Nov. 3 (Bloomberg) -- Mitsubishi UFJ Financial Group Inc. may buy project-finance assets from Royal Bank of Scotland Group Plc as Japan’s largest banks start deploying the $56 billion they’ve raised in share sales in the past two years.
RBS and the U.K. government, which owns 84 percent of the lender, have been negotiating with the Japanese company about a portfolio of project-finance assets valued at about 4 billion pounds ($6.4 billion), two people with direct knowledge of the matter said. No final agreement has been reached, they said.
Mitsubishi UFJ is taking advantage from RBS’s retreat from project finance after raising 1 trillion yen ($12 billion) in a share sale in December. The purchase would add to the Japanese bank’s acquisition of UnionBanCal Corp. in 2008 and this year’s takeovers of two smaller U.S. lenders, as Chief Executive Officer Katsunori Nagayasu seeks growth outside Japan.
“Japanese banks have long experience in project financing,” said Kim Young June, who helps manage the equivalent of more than $12 billion at Woori Asset Management Co. in Seoul. “It’s the right direction for Mitsubishi UFJ as it’s a field they know well and has great growth potential.”
RBS, Britain’s biggest government-owned bank, is selling assets including 318 U.K. bank branches and an insurance unit after receiving 45.5 billion pounds of government funding during the global financial crisis, more than any other bank in the world. It placed some project finance assets in its “non-core” division and identified them for sale as part of its strategic plan, the bank said in February 2009.
Japan Banks Prowl
Linda Harper, a spokeswoman for Edinburgh-based RBS, declined to comment. Beth Gilroy, a spokeswoman in New York for Mitsubishi UFJ, didn’t have an immediate comment, referring questions to the bank’s Tokyo headquarters. The talks were reported earlier today by Nikkei English News.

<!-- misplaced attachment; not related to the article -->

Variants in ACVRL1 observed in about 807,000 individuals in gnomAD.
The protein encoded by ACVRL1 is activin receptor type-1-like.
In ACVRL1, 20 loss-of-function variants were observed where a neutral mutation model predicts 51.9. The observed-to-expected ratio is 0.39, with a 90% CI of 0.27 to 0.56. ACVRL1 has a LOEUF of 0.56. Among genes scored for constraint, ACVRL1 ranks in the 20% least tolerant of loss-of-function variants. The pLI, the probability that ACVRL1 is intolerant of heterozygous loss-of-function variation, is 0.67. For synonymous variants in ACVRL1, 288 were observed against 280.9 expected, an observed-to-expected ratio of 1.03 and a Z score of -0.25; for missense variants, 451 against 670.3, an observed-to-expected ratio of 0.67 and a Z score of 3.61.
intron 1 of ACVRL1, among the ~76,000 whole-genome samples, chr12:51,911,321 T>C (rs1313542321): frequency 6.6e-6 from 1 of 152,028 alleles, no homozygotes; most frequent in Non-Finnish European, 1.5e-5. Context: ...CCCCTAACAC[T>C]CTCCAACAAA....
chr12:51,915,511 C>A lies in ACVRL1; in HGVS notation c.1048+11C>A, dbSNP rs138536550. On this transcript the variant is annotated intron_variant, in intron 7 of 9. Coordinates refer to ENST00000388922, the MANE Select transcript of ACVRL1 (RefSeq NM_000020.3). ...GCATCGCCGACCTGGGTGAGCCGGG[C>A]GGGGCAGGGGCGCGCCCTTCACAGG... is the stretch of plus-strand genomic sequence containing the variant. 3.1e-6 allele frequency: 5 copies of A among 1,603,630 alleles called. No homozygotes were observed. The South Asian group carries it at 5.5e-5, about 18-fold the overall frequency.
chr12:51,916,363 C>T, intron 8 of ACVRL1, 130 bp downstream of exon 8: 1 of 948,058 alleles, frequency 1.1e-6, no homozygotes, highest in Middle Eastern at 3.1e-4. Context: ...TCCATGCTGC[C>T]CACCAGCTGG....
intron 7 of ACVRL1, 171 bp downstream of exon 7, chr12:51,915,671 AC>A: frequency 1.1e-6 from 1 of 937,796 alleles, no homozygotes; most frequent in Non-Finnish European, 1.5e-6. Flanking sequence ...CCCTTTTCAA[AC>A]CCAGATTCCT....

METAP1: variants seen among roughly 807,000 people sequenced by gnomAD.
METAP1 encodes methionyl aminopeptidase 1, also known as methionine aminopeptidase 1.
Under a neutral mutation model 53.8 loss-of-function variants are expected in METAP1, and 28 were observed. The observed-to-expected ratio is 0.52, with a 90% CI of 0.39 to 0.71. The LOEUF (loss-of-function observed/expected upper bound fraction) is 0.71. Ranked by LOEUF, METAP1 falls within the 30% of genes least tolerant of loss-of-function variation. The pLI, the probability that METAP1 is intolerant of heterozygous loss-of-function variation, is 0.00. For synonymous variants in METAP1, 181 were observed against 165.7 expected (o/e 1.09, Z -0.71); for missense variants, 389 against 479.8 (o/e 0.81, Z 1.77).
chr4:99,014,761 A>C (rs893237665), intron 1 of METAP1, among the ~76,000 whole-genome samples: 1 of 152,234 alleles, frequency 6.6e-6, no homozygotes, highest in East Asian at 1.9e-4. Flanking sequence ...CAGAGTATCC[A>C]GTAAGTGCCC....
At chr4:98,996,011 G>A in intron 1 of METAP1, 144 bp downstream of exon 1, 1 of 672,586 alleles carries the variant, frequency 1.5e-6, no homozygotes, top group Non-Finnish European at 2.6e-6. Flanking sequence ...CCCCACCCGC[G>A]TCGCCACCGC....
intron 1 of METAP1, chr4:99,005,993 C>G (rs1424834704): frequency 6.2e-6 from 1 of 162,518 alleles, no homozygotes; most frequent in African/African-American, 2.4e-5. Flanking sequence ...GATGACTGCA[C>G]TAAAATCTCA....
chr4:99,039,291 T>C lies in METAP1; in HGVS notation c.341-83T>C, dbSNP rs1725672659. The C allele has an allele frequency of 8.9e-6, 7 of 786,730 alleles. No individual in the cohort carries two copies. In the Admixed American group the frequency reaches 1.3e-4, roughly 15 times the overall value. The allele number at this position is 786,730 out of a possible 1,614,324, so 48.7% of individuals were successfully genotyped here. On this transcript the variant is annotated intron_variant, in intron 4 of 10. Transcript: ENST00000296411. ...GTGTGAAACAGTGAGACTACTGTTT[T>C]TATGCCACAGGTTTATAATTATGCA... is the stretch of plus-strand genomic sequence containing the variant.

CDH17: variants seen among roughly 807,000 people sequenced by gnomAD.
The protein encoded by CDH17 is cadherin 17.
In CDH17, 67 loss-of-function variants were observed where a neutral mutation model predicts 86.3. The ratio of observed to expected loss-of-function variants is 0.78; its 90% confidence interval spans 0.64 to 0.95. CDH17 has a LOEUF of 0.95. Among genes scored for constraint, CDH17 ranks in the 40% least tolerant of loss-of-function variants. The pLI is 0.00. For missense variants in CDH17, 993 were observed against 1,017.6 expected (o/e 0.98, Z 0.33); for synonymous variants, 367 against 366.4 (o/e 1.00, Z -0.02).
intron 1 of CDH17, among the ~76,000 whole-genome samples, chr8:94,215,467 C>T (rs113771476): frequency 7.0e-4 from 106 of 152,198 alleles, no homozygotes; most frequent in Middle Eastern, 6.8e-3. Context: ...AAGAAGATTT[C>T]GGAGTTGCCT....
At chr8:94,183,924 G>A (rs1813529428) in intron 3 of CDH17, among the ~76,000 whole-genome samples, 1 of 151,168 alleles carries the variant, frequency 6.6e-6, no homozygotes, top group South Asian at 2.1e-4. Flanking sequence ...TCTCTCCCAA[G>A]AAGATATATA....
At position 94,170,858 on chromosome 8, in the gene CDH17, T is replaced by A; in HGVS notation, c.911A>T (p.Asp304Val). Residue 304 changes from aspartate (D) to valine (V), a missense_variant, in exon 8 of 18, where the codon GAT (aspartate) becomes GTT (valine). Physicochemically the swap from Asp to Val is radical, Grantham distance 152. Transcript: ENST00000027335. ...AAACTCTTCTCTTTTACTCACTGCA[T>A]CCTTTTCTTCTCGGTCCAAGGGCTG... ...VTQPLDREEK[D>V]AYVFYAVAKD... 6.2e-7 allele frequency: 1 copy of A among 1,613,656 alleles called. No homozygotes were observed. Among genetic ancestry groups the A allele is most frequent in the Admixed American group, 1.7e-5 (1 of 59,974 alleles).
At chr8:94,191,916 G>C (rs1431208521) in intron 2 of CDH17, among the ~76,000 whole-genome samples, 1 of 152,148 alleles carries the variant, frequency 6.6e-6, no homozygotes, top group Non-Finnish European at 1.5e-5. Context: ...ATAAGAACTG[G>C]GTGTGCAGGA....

RBS Chief Executive Officer Stephen Hester, 49, is shrinking the bank, which last year posted the biggest annual loss in U.K. corporate history.
At the same time, Mitsubishi UFJ and rivals Mizuho Financial Group Inc. and Sumitomo Mitsui Financial Group Inc. are looking outside of Japan’s stagnant economy for growth after raising a combined 4.5 trillion yen in stock sales.
Mitsubishi UFJ may spend more than 500 billion yen on additional bank acquisitions in the U.S., Tatsuo Tanaka, head of global banking, said in an interview in July. The Tokyo-based bank aims to boost overseas profit by more than 40 percent to 1 trillion yen, he said.
Sumitomo Mitsui’s head of international banking, Hiroshi Minoura, said in July that the bank may invest as much as $5 billion for a stake in a U.S. bank in the next three years. Mizuho may seek stakes in Asian investment banks and would consider spending about 100 billion yen on an acquisition should it find a suitable target, a senior executive said in September.
Japanese banks have sought to increase their share of the global market for financing everything from nuclear power plants to water-supply systems as overseas rivals scarred by the credit crisis retrenched.
That push has been helped by the Japan Bank for International Cooperation, the state-run agency that lends to overseas projects, often together with local commercial banks.
JBIC will seek to ally with Japanese commercial banks to provide syndicated loans totaling about $5 billion for clean-energy and water-supply projects abroad, Takashi Hongo, head of the agency’s environment finance engineering section, said in a September interview. JBIC would provide half of those loans, he said.